African footballers as young as 14 are being trafficked to Asia and forced to sign contracts.
Six minors are still with top Laos side Champasak United, after it imported 23 under-age players from West Africa to an unregistered football academy in February, a BBC investigation found.
Fifa regulations prohibit the movement of players to a foreign club or academy until they are 18.
The club, based in the southern city Pakse, denies any wrongdoing.
“Fifa is in contact with several member associations in order to gather all information to assess the matter and safeguard the interests of the minors,” a Fifa spokesperson told the BBC.
Global players’ union FIFPro, which helped release 17 of the 23 players three months ago, said in a statement it “suspects this case is not one of its kind, but probably the tip of the iceberg”.
It has been claimed that Champasak United, a newly-formed club which plays in Laos’s top league, intends to profit by selling the players in future.
In a clear breach of the world football governing body’s rules, the club has fielded overseas players as young as 14 and 15 in league games this season.
One 14-year-old player, Liberia’s Kesselly Kamara, who scored in a full league game, says he was forced into signing a six-year deal before playing for the senior team.
His contract promised him a salary and accommodation, but Kamara says he was never paid and had to sleep on the floor of the club’s stadium as did the rest of the travelling party.”It was very bad because you can’t have 30 people sleeping in one room,” Kamara, who is now playing for a club back home in Liberia’s top league, told the BBC.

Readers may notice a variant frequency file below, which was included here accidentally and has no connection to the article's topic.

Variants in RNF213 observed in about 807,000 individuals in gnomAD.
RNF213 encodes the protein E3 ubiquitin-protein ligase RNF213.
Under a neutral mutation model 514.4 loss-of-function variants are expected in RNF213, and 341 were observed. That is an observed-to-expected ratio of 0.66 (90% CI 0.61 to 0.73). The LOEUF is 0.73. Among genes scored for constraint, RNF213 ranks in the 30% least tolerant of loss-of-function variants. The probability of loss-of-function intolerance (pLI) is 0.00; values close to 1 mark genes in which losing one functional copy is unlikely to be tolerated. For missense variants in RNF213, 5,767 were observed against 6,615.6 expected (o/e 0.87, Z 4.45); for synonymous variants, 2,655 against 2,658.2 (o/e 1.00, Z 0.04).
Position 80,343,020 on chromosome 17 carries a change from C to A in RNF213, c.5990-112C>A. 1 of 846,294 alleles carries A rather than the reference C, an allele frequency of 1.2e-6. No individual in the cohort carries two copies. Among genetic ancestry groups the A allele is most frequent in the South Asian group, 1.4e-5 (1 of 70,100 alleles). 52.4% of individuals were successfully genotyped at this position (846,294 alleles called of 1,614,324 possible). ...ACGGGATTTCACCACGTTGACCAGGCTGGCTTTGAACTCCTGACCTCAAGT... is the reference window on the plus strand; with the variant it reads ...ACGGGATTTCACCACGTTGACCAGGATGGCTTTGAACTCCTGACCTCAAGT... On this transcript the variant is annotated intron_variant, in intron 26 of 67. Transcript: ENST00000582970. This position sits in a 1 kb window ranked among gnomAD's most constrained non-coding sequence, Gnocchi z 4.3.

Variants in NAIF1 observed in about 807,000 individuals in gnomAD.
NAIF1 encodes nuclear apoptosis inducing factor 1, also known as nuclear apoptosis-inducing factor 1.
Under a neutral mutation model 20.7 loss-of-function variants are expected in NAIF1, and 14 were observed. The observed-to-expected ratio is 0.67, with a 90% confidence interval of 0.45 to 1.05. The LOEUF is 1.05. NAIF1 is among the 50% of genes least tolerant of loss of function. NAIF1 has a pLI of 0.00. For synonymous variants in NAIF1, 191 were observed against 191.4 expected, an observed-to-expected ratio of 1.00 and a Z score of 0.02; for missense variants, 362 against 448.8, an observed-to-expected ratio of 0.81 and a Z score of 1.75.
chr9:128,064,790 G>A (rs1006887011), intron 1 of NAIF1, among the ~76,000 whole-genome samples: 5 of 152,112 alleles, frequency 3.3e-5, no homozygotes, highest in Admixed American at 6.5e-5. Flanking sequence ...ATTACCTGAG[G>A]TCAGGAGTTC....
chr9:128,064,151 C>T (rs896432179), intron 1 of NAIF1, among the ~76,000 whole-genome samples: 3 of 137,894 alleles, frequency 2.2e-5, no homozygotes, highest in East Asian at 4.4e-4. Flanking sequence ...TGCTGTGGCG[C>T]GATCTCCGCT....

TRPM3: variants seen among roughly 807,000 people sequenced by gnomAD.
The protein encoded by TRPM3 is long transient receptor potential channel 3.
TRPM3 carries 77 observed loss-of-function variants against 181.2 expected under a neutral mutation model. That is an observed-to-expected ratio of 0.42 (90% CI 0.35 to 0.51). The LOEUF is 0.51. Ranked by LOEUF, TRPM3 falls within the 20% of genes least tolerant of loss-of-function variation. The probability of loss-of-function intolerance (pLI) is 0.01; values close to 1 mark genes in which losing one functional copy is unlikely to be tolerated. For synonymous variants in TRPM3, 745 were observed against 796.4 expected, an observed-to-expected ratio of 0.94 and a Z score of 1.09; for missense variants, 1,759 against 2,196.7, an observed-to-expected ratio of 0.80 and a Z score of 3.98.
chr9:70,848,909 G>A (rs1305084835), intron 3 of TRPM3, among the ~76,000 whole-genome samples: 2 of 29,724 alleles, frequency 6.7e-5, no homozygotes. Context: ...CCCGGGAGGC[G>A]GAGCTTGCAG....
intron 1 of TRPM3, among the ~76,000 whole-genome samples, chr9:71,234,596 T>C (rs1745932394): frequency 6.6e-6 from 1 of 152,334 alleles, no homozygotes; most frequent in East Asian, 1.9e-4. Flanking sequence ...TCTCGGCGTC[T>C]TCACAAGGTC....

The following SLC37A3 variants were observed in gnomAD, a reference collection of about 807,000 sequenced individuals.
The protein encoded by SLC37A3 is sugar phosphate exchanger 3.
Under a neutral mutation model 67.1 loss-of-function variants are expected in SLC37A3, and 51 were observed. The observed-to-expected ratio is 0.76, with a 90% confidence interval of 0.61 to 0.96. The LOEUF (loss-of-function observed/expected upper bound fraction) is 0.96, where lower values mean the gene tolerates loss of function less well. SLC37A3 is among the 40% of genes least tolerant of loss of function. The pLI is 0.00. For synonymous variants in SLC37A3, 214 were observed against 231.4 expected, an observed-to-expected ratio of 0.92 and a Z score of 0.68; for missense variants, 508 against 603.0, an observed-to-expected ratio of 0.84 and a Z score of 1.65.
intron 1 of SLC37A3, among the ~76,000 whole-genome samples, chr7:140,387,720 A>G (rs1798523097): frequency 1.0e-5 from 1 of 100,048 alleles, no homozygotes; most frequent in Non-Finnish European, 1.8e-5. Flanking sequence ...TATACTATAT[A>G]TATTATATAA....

All those who travelled to join the “IDSEA Champasak Asia African Football Academy” did so after being invited by former Liberia international Alex Karmo, who captained the club at the time.
Young players gratefully accepted the invitation, since Liberia lacks a football academy of its own, despite being the only African country to have produced a Fifa World Footballer of the Year – George Weah in 1995.
“It’s a fictitious academy, which was never legally established,” said Liberian journalist and sports promoter Wleh Bedell, who led the group to Laos in February but who has since returned.
Following initial pressure from both FIFPro and Fifa, Champasak released 17 teenagers from the original party, with Kamara among them, by early April.But six minors chose to remain.
FIFPro says that all have since signed contracts presented to them by Karmo, who describes himself as a “manager for players from Africa in Champasak”, and club president Phonesavanh Khieulavong.
These appear to allow Champasak to pay the boys nothing at all, while also demanding that unrealistic conditions be met should the teenagers want to leave.
Karmo says the players are fed three times a day and paid every month.”We don’t give the [minors] professional contracts, just a contract that gives them bonuses,” Khieulavong told the BBC.Neither Khieulavong nor Karmo denied the presence of minors at the academies, although Karmo claimed there was just one – a 16-year-old from Guinea.